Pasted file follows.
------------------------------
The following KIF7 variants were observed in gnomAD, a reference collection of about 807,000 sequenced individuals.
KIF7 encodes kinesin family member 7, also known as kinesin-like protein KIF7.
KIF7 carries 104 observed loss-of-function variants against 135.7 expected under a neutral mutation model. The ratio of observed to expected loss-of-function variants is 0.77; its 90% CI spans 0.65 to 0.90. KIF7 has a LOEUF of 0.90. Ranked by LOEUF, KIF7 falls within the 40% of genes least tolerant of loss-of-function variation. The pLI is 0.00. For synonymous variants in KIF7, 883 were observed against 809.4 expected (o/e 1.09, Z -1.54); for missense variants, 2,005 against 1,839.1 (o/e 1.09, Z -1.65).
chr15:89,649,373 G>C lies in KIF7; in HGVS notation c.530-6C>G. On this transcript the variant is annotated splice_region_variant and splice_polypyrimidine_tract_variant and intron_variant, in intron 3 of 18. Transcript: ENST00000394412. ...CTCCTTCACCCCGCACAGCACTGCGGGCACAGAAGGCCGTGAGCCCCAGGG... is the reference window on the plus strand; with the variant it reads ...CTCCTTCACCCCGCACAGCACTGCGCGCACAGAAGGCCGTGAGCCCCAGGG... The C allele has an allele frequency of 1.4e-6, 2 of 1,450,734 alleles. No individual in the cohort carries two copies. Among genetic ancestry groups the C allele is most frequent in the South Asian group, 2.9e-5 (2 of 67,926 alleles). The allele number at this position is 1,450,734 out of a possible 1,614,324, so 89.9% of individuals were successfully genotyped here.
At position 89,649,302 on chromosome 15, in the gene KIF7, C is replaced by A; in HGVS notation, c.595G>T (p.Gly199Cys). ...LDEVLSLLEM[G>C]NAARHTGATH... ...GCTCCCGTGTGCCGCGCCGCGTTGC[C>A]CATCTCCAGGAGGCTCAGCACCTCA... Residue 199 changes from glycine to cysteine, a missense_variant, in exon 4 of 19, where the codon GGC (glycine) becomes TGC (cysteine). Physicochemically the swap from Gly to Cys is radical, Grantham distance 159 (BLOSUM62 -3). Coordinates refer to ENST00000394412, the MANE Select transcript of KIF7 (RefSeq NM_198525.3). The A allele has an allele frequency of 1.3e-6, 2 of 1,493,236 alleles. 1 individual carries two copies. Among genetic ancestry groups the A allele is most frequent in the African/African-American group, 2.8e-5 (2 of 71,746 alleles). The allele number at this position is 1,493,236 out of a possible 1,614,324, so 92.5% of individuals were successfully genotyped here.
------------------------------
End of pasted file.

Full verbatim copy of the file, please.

The following KIF7 variants were observed in gnomAD, a reference collection of about 807,000 sequenced individuals.
KIF7 encodes kinesin family member 7, also known as kinesin-like protein KIF7.
KIF7 carries 104 observed loss-of-function variants against 135.7 expected under a neutral mutation model. The ratio of observed to expected loss-of-function variants is 0.77; its 90% CI spans 0.65 to 0.90. KIF7 has a LOEUF of 0.90. Ranked by LOEUF, KIF7 falls within the 40% of genes least tolerant of loss-of-function variation. The pLI is 0.00. For synonymous variants in KIF7, 883 were observed against 809.4 expected (o/e 1.09, Z -1.54); for missense variants, 2,005 against 1,839.1 (o/e 1.09, Z -1.65).
chr15:89,649,373 G>C lies in KIF7; in HGVS notation c.530-6C>G. On this transcript the variant is annotated splice_region_variant and splice_polypyrimidine_tract_variant and intron_variant, in intron 3 of 18. Transcript: ENST00000394412. ...CTCCTTCACCCCGCACAGCACTGCGGGCACAGAAGGCCGTGAGCCCCAGGG... is the reference window on the plus strand; with the variant it reads ...CTCCTTCACCCCGCACAGCACTGCGCGCACAGAAGGCCGTGAGCCCCAGGG... The C allele has an allele frequency of 1.4e-6, 2 of 1,450,734 alleles. No individual in the cohort carries two copies. Among genetic ancestry groups the C allele is most frequent in the South Asian group, 2.9e-5 (2 of 67,926 alleles). The allele number at this position is 1,450,734 out of a possible 1,614,324, so 89.9% of individuals were successfully genotyped here.
At position 89,649,302 on chromosome 15, in the gene KIF7, C is replaced by A; in HGVS notation, c.595G>T (p.Gly199Cys). ...LDEVLSLLEM[G>C]NAARHTGATH... ...GCTCCCGTGTGCCGCGCCGCGTTGC[C>A]CATCTCCAGGAGGCTCAGCACCTCA... Residue 199 changes from glycine to cysteine, a missense_variant, in exon 4 of 19, where the codon GGC (glycine) becomes TGC (cysteine). Physicochemically the swap from Gly to Cys is radical, Grantham distance 159 (BLOSUM62 -3). Coordinates refer to ENST00000394412, the MANE Select transcript of KIF7 (RefSeq NM_198525.3). The A allele has an allele frequency of 1.3e-6, 2 of 1,493,236 alleles. 1 individual carries two copies. Among genetic ancestry groups the A allele is most frequent in the African/African-American group, 2.8e-5 (2 of 71,746 alleles). The allele number at this position is 1,493,236 out of a possible 1,614,324, so 92.5% of individuals were successfully genotyped here.